I spent most of the ride to Kingston trying to control my blinking. I don’t want to scare people. They already expect weird things from journalists, but I always maintain high standards of appearance and behaviour to correct the stereotype of us as boozing half-starved apes. Unfortunately I had been up until dawn drinking and digging for beetles to eat. And now it was raining. Or I was crying, I’m not sure. Functionally non-human, I hurtled towards Kingston in a grey damp tunnel. It was hopeless—there was nothing to look forward to, the concert was Ravel and Schumann with Dvorak after for those who endured the first half. If I had been able to stand up, I should have thrown myself from the train.
All this matters because I really could not have discovered Kingston’s new concert hall, or the Afiara quartet, in a fouler or less generous mood. Despite this spectacular prejudice, the building and their performance completely charmed me. I don’t know Kingston and I can’t say if they need the hall—The Isabel Bader Centre for the Performing Arts, it is much more than a hall, it is a statement about the arts at Queens University—but I am sure that Canada does. It’s Snøhetta’s first project here, and the Norwegian firm famous for the Oslo Opera have worked with Ottawa-based N45 Architects to produce a serene and unpretentious building; let it be an example to others.
There are no fair comparisons in architecture so let’s call the Isabel the opposite of Montreal’s Maison Symphonique. Montreal’s hall has a terrifying pin-drop acoustic, risky as hell but breathtaking when properly played, and it is best appreciated with closed eyes. The interior is a flashy mess, the lobbies are suicidally dull, and the exterior shames even cheap condo developers. This is because the concert hall ate the building from the inside out, like an alien parasite, in an insane design process. The Isabel, on the other hand, is “the happiest baby we’ve worked on,” says Joe Solway, Arup’s acoustic lead on the project, even though the greatest challenge, according to Snøhetta’s Takeshi Tornier, was “getting a superb acoustic.”
How did they manage it when the acoustics-design-budget triangle can so easily produce a turd on a plaza? Without knowing the details of the procurement process, we must work backwards from statements like: “People got along more than any other project,” by Arup engineer Dave Rife. N45’s Gary Wentzell came in for particular praise as a manager.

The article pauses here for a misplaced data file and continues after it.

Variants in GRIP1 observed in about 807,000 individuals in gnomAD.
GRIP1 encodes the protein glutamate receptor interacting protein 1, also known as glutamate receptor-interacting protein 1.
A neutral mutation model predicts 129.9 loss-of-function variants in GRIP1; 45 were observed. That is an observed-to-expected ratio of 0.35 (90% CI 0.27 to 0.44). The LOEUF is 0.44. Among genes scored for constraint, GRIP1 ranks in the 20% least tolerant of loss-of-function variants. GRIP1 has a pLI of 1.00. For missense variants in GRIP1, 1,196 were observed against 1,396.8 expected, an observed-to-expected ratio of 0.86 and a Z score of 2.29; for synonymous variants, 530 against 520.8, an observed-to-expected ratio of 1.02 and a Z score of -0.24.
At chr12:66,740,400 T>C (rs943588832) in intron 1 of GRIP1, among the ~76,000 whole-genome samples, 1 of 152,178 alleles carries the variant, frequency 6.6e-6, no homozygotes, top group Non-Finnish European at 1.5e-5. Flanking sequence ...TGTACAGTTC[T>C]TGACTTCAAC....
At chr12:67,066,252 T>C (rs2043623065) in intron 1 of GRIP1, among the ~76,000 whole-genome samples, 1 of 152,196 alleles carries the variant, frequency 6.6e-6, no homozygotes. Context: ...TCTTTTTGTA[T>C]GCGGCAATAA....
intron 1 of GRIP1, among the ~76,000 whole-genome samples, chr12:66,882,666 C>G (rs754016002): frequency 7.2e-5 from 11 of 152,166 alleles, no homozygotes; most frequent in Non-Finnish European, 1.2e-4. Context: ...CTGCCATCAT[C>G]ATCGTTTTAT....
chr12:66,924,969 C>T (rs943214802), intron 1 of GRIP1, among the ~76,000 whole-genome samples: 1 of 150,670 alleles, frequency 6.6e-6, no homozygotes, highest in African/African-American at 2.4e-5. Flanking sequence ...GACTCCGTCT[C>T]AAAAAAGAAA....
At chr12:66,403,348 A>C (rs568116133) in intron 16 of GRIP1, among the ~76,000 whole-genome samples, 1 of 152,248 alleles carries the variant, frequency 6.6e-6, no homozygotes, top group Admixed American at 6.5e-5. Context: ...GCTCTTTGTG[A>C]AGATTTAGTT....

Happy parents make happy babies. The hall is compact and friendly, with an illusion of continuous surface from floor to ceiling that can make it seem larger or smaller than it really is. There are hardly any visible lights; just a whiskey-coloured wood cocoon as unassuming as our mythical national identity.
Walking through the building you sense a logical language that is consistent and expressive, from the main hall to the rehearsal rooms and studios, which each have a slightly different character. The main rehearsal room is a forest of pencil-thin white oak with a staggering view of the lake. It reminds me of the Gulbenkian in Lisbon. The movie theatre is a workaday black box. The lobby appears to drop into the lake.
The upper part of the Isabel is covered in shining steel panels with a bit of warp to catch the light, and local limestone below. This contrasts with the darker colours of the 19th-century stone stables and warehouse that the new complex had to incorporate, and it plays against the reflections and textures of the lake. Budget and design limitations become strengths of the design: interior concrete is unfinished but pleasantly honest; ruined wood from the stables was re-milled and used in the new building’s interiors; and the second story added to the stone building simply fills in that rectangle with a contrasting dark wood, while its new windows and doors repeat the dimensions of the historic structure.